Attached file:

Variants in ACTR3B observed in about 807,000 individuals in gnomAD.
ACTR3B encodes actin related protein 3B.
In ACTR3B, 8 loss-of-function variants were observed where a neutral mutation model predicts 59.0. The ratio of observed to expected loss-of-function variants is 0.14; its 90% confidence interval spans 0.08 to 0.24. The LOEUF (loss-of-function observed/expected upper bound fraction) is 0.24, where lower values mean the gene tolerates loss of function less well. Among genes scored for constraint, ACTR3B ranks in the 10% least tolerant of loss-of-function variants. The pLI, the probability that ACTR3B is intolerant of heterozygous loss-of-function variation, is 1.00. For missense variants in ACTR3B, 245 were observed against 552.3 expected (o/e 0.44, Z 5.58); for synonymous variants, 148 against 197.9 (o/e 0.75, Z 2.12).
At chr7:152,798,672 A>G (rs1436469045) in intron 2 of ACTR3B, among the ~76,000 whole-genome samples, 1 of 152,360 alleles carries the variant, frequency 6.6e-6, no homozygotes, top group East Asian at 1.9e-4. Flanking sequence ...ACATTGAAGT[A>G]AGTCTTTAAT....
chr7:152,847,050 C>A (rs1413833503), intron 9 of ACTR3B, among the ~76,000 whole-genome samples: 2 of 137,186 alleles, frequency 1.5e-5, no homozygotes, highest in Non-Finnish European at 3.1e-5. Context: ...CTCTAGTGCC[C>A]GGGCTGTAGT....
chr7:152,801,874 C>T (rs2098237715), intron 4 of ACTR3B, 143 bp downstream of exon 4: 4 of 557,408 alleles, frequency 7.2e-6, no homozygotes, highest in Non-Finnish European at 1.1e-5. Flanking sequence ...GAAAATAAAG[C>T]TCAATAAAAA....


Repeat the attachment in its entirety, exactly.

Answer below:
Variants in ACTR3B observed in about 807,000 individuals in gnomAD.
ACTR3B encodes actin related protein 3B.
In ACTR3B, 8 loss-of-function variants were observed where a neutral mutation model predicts 59.0. The ratio of observed to expected loss-of-function variants is 0.14; its 90% confidence interval spans 0.08 to 0.24. The LOEUF (loss-of-function observed/expected upper bound fraction) is 0.24, where lower values mean the gene tolerates loss of function less well. Among genes scored for constraint, ACTR3B ranks in the 10% least tolerant of loss-of-function variants. The pLI, the probability that ACTR3B is intolerant of heterozygous loss-of-function variation, is 1.00. For missense variants in ACTR3B, 245 were observed against 552.3 expected (o/e 0.44, Z 5.58); for synonymous variants, 148 against 197.9 (o/e 0.75, Z 2.12).
At chr7:152,798,672 A>G (rs1436469045) in intron 2 of ACTR3B, among the ~76,000 whole-genome samples, 1 of 152,360 alleles carries the variant, frequency 6.6e-6, no homozygotes, top group East Asian at 1.9e-4. Flanking sequence ...ACATTGAAGT[A>G]AGTCTTTAAT....
chr7:152,847,050 C>A (rs1413833503), intron 9 of ACTR3B, among the ~76,000 whole-genome samples: 2 of 137,186 alleles, frequency 1.5e-5, no homozygotes, highest in Non-Finnish European at 3.1e-5. Context: ...CTCTAGTGCC[C>A]GGGCTGTAGT....
chr7:152,801,874 C>T (rs2098237715), intron 4 of ACTR3B, 143 bp downstream of exon 4: 4 of 557,408 alleles, frequency 7.2e-6, no homozygotes, highest in Non-Finnish European at 1.1e-5. Flanking sequence ...GAAAATAAAG[C>T]TCAATAAAAA....